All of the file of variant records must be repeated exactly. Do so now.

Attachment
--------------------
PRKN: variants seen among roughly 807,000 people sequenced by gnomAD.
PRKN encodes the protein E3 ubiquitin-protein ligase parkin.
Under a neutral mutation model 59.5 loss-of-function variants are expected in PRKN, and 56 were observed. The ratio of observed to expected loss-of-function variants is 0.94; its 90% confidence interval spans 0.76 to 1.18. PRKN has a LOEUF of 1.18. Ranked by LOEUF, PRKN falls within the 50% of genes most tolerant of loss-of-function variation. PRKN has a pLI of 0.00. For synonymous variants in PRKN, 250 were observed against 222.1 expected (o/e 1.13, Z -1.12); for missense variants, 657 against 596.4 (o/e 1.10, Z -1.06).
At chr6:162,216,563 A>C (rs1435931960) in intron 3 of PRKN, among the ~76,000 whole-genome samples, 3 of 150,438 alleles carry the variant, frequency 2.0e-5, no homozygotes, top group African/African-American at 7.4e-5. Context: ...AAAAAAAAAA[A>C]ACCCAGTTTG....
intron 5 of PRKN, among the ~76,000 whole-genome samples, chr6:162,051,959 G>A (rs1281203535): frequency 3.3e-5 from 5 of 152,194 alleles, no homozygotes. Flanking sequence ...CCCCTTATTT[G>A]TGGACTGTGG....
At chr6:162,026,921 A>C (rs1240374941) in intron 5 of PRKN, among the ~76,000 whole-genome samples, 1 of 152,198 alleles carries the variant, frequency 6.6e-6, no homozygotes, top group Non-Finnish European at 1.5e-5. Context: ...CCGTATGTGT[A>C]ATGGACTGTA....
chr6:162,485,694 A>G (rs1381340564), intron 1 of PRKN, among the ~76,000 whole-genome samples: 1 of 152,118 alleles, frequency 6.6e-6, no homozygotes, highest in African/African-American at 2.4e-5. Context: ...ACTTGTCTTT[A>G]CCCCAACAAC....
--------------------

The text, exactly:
PRKN: variants seen among roughly 807,000 people sequenced by gnomAD.
PRKN encodes the protein E3 ubiquitin-protein ligase parkin.
Under a neutral mutation model 59.5 loss-of-function variants are expected in PRKN, and 56 were observed. The ratio of observed to expected loss-of-function variants is 0.94; its 90% confidence interval spans 0.76 to 1.18. PRKN has a LOEUF of 1.18. Ranked by LOEUF, PRKN falls within the 50% of genes most tolerant of loss-of-function variation. PRKN has a pLI of 0.00. For synonymous variants in PRKN, 250 were observed against 222.1 expected (o/e 1.13, Z -1.12); for missense variants, 657 against 596.4 (o/e 1.10, Z -1.06).
At chr6:162,216,563 A>C (rs1435931960) in intron 3 of PRKN, among the ~76,000 whole-genome samples, 3 of 150,438 alleles carry the variant, frequency 2.0e-5, no homozygotes, top group African/African-American at 7.4e-5. Context: ...AAAAAAAAAA[A>C]ACCCAGTTTG....
intron 5 of PRKN, among the ~76,000 whole-genome samples, chr6:162,051,959 G>A (rs1281203535): frequency 3.3e-5 from 5 of 152,194 alleles, no homozygotes. Flanking sequence ...CCCCTTATTT[G>A]TGGACTGTGG....
At chr6:162,026,921 A>C (rs1240374941) in intron 5 of PRKN, among the ~76,000 whole-genome samples, 1 of 152,198 alleles carries the variant, frequency 6.6e-6, no homozygotes, top group Non-Finnish European at 1.5e-5. Context: ...CCGTATGTGT[A>C]ATGGACTGTA....
chr6:162,485,694 A>G (rs1381340564), intron 1 of PRKN, among the ~76,000 whole-genome samples: 1 of 152,118 alleles, frequency 6.6e-6, no homozygotes, highest in African/African-American at 2.4e-5. Context: ...ACTTGTCTTT[A>G]CCCCAACAAC....